Staff Editorial: On homesickness and finding a sense of campus community
With Parent & Family Weekend and Thanksgiving Break fast approaching, many have home on their minds. For some, this may come in the form of excitement as they know they will be with their loved ones soon, and yet for others, these events may make them more acutely aware of just how homesick they are.
If your parents are visiting this weekend, consider inviting some of your friends whose parents will not be around to share in some of your activities. Parents tend to love getting to know who you spend your time with while you are away from them. Parents, even ones that are not your own, can give a sense of home that is hard to come by on a college campus. To have this family setting year-round, consider trying Home Plate to eat homemade meals with local families.
For many, going to college is the first time they have lived away from home. Being somewhere new and surrounded by strangers can be understandably stressful and cause a longing to go back. If the pain of this feels overwhelming, consider calling Uncle Joe’s or seeking out other mental health resources on campus. There is no shame in missing your family, your old friends and of course your pets. Don’t feel like there is anything wrong with you for feeling this way; you are not the only one. Don’t be afraid to vocalize your feelings with your friends, as you may be surprised by how many people can relate. You may feel better, also, just knowing that others feel similarly. However, not everyone does get homesick, and that is perfectly fine too. Family is not always a safe and welcoming environment and college may, in fact, be a refuge. Looking down on people who express not wanting to communicate with their parents or not wanting to go home is misguided. Realize that the home life that others have may not be as positive as yours is.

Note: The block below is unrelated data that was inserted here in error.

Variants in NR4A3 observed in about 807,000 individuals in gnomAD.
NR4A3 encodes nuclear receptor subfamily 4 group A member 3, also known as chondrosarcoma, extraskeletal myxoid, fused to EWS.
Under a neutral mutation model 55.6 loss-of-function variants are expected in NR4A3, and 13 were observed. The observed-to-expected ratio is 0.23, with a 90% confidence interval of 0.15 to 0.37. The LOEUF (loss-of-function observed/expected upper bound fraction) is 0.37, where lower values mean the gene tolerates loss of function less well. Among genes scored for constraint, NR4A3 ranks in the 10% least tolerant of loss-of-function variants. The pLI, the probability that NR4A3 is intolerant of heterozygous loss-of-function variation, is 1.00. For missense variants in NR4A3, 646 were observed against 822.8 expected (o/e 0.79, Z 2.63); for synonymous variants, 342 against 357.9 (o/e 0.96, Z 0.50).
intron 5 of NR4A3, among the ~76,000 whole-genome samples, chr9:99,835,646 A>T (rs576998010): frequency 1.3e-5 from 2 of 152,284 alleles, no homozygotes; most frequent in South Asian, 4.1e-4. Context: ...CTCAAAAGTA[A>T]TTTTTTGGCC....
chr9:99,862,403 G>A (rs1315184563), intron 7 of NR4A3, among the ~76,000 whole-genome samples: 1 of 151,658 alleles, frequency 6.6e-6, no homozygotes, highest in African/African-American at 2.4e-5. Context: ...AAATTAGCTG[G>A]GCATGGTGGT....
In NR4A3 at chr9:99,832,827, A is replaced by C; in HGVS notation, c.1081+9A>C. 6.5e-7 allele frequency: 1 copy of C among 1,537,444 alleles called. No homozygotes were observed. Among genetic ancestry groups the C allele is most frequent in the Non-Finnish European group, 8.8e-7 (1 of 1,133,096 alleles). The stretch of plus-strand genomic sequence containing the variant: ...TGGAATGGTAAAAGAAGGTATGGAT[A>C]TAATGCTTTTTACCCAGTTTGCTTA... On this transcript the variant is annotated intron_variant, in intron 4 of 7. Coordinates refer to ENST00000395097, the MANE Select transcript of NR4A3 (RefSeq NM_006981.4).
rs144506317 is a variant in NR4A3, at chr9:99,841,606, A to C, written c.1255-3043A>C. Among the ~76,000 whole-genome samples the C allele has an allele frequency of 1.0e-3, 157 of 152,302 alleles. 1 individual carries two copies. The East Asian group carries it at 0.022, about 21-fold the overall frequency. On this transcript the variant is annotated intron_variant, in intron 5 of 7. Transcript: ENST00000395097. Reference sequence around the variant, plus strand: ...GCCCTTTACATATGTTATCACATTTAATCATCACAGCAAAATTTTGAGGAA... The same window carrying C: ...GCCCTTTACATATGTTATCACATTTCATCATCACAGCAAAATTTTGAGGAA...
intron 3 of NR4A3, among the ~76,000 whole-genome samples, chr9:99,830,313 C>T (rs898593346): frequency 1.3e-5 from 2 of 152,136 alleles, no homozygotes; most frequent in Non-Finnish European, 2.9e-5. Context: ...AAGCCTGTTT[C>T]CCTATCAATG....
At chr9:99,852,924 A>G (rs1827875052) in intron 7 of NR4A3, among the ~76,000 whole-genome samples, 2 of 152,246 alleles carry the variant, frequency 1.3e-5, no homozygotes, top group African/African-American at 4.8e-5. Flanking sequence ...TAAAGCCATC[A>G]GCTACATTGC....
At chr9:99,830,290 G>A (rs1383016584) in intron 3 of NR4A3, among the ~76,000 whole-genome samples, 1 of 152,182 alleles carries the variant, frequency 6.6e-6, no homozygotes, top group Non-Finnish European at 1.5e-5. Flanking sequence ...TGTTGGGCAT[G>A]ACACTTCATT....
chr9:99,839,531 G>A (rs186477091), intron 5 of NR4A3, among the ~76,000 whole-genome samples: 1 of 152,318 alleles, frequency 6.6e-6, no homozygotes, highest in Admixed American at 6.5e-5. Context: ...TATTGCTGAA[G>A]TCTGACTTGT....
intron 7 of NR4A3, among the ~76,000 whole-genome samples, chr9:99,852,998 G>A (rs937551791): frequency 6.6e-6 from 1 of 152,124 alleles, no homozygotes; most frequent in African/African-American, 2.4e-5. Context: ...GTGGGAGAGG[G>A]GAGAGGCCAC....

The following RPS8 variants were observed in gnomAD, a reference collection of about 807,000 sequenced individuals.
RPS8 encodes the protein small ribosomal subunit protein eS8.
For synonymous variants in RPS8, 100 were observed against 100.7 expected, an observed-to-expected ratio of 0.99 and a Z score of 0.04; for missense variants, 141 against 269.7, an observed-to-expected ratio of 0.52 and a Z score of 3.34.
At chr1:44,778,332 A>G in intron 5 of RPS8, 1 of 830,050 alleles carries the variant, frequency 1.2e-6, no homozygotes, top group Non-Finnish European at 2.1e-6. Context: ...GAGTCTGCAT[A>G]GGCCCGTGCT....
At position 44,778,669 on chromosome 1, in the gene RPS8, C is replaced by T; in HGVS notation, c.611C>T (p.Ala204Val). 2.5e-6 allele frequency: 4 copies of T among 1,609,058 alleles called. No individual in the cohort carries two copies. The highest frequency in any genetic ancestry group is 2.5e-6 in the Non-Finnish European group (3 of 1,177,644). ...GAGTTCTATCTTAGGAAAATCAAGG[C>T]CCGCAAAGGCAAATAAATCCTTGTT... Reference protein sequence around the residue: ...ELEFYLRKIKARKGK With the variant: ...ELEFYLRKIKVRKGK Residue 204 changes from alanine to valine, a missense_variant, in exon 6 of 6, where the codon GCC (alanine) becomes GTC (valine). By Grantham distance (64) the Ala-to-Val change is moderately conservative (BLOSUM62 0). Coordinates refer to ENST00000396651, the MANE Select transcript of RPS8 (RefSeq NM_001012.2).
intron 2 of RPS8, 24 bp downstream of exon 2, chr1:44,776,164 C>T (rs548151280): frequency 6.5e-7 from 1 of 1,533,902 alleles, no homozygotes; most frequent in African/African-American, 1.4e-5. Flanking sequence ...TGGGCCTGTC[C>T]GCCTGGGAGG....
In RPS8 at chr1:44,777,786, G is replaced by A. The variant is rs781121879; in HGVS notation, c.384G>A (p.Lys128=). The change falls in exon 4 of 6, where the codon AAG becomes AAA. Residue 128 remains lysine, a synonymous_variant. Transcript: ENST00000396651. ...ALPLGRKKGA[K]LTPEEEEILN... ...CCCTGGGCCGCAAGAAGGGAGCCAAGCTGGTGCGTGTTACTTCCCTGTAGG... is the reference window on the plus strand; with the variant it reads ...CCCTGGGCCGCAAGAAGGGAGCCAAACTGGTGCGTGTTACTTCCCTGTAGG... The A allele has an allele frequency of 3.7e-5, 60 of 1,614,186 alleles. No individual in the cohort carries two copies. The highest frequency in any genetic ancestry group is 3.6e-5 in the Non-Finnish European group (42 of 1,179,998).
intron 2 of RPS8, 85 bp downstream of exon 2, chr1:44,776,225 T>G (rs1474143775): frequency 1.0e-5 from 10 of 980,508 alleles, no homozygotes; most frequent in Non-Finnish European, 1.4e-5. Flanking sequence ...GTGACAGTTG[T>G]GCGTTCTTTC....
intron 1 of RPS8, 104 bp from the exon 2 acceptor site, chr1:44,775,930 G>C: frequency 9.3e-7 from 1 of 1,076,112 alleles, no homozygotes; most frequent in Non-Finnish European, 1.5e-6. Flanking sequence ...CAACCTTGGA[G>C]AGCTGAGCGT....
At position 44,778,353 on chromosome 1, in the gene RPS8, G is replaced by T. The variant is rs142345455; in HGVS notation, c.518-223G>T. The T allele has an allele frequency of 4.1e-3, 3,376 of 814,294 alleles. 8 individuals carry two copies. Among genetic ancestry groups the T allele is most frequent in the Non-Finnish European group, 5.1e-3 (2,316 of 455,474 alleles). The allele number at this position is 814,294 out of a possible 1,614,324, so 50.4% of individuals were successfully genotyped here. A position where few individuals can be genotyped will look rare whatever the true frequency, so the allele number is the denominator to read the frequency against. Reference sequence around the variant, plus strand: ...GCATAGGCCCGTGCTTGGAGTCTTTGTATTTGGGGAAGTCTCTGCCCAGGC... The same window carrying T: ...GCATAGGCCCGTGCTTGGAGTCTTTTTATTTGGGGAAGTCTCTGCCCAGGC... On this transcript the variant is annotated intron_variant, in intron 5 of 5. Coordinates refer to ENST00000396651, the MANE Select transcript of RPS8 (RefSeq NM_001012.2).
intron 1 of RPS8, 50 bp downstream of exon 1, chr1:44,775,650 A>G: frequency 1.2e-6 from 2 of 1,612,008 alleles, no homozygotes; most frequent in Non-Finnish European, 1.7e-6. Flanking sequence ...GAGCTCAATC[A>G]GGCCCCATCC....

With the holidays just around the corner, it is natural to count down the days leading up to them, yet it is important to not treat the time between then and now as burdening days that only exist to be crossed off your calendar. It is important to remember that not everyone gets to go home for breaks and that the less populated campus may make the longing for home more acute for those that stay. For international students, the holidays that are most important to them may not fall during any break at all, keeping them from their families. Be aware of the differing circumstances of those around you, reach out to those that are not able to see their families when they most need to, be willing to listen and to learn about others’ backgrounds.
We as an editorial board have come up with a few tips in order to alleviate homesickness. Most obviously, call the people that you are missing. Even if they are busy and cannot talk at the time, simply reaching out and letting them know that they are missed can mean the world and help bring you together. If there is a certain dish a family member makes that means a lot, ask them for the recipe or even see if they are willing to video chat with you and talk you through the process as a way to spend time together no matter the distance. If there are any activities you always did with your family or friends from home, invite people here to do them with you. Consider having a “Friendsgiving” to help solidify the family you can form on campus. The pain of missing home cannot go away if you don’t allow yourself the chance to embrace where you are. Get out and explore St. Louis: Go to the Art Museum, explore downtown, eat at the Hill, walk around Cherokee Street. There is so much to do around the city, you just have to be willing to look for it.